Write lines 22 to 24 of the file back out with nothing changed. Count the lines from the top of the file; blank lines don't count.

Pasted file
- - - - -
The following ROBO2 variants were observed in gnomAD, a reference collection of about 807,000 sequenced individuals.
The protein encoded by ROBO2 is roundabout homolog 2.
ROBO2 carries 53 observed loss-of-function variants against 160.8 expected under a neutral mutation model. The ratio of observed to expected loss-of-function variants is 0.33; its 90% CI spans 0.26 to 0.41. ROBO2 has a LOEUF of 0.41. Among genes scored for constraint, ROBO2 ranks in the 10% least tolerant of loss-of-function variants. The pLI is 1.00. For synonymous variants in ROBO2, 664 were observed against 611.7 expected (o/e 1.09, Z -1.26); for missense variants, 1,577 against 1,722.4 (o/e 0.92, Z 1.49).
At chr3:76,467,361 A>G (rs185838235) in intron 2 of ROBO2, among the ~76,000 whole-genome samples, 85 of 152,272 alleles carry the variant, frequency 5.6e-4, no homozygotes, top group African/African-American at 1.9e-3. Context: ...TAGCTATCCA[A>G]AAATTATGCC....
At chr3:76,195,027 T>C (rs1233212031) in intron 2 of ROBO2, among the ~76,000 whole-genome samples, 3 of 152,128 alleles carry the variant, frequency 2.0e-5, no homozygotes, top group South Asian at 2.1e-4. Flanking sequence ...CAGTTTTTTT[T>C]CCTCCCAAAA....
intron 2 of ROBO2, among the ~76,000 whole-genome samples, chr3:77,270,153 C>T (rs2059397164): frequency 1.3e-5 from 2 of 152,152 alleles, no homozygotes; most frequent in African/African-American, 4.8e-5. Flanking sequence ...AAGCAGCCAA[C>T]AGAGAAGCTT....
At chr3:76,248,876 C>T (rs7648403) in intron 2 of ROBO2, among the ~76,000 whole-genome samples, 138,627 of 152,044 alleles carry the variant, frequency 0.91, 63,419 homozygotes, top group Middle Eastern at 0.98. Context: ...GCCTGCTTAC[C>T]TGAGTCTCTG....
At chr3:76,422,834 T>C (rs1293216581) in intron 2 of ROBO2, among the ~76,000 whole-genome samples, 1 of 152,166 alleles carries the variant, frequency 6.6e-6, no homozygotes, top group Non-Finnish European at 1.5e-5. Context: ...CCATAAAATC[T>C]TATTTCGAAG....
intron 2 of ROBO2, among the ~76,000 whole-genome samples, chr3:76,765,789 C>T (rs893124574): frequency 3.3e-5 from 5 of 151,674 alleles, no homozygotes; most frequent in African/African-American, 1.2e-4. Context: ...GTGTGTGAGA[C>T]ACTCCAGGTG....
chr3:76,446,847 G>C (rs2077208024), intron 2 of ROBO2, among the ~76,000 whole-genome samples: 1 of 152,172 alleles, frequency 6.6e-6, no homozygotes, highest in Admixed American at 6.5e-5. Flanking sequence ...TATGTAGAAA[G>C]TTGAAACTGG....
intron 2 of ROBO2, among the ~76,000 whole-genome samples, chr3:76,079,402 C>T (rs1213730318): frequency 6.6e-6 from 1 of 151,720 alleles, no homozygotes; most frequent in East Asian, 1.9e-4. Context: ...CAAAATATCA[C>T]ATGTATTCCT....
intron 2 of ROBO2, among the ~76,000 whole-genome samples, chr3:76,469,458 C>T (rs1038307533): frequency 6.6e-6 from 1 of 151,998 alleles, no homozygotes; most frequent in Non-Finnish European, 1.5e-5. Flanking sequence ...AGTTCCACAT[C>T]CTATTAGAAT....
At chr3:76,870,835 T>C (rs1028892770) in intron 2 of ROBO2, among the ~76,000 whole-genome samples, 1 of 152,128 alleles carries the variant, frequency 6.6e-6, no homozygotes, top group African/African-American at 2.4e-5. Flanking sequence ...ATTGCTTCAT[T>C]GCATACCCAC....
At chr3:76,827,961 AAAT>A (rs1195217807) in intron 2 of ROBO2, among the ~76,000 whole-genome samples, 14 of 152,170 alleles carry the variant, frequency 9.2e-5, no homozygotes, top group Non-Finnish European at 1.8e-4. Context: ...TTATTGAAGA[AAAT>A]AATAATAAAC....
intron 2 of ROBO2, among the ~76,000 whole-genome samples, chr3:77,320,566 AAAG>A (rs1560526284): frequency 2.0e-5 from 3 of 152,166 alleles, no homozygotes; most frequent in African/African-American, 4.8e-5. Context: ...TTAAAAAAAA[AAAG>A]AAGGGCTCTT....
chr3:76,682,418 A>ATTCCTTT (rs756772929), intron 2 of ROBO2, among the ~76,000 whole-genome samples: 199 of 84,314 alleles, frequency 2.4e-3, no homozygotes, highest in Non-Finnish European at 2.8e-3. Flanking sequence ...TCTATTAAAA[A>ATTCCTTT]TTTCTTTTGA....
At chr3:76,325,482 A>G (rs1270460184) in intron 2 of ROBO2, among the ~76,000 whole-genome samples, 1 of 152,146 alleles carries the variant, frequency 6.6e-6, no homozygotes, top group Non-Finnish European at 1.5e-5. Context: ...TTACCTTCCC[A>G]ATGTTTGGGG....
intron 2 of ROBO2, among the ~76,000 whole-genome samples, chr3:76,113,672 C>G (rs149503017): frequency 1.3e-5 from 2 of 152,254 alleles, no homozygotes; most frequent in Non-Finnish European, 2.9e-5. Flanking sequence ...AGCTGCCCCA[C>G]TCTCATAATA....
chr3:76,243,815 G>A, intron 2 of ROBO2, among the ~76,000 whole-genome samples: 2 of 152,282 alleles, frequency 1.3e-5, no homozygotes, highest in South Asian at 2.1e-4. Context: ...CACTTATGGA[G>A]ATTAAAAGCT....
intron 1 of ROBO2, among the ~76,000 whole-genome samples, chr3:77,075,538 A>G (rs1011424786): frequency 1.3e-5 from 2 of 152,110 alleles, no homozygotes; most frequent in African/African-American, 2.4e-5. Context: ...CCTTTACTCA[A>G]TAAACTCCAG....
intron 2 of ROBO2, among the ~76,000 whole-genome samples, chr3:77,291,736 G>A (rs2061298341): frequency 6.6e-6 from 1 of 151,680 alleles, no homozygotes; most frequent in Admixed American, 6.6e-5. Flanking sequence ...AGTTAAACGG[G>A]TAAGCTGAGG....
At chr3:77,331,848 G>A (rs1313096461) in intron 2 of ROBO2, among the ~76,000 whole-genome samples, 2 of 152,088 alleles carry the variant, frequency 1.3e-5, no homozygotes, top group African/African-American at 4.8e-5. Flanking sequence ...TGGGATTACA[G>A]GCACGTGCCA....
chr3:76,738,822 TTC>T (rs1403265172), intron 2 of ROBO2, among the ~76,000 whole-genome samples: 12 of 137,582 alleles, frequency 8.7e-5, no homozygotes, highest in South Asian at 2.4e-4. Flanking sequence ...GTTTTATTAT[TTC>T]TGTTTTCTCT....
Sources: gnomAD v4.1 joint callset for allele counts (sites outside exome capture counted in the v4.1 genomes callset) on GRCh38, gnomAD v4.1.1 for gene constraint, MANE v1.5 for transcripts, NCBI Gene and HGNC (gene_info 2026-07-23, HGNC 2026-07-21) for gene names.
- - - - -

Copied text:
At chr3:77,331,848 G>A (rs1313096461) in intron 2 of ROBO2, among the ~76,000 whole-genome samples, 2 of 152,088 alleles carry the variant, frequency 1.3e-5, no homozygotes, top group African/African-American at 4.8e-5. Flanking sequence ...TGGGATTACA[G>A]GCACGTGCCA....
chr3:76,738,822 TTC>T (rs1403265172), intron 2 of ROBO2, among the ~76,000 whole-genome samples: 12 of 137,582 alleles, frequency 8.7e-5, no homozygotes, highest in South Asian at 2.4e-4. Flanking sequence ...GTTTTATTAT[TTC>T]TGTTTTCTCT....
Sources: gnomAD v4.1 joint callset for allele counts (sites outside exome capture counted in the v4.1 genomes callset) on GRCh38, gnomAD v4.1.1 for gene constraint, MANE v1.5 for transcripts, NCBI Gene and HGNC (gene_info 2026-07-23, HGNC 2026-07-21) for gene names.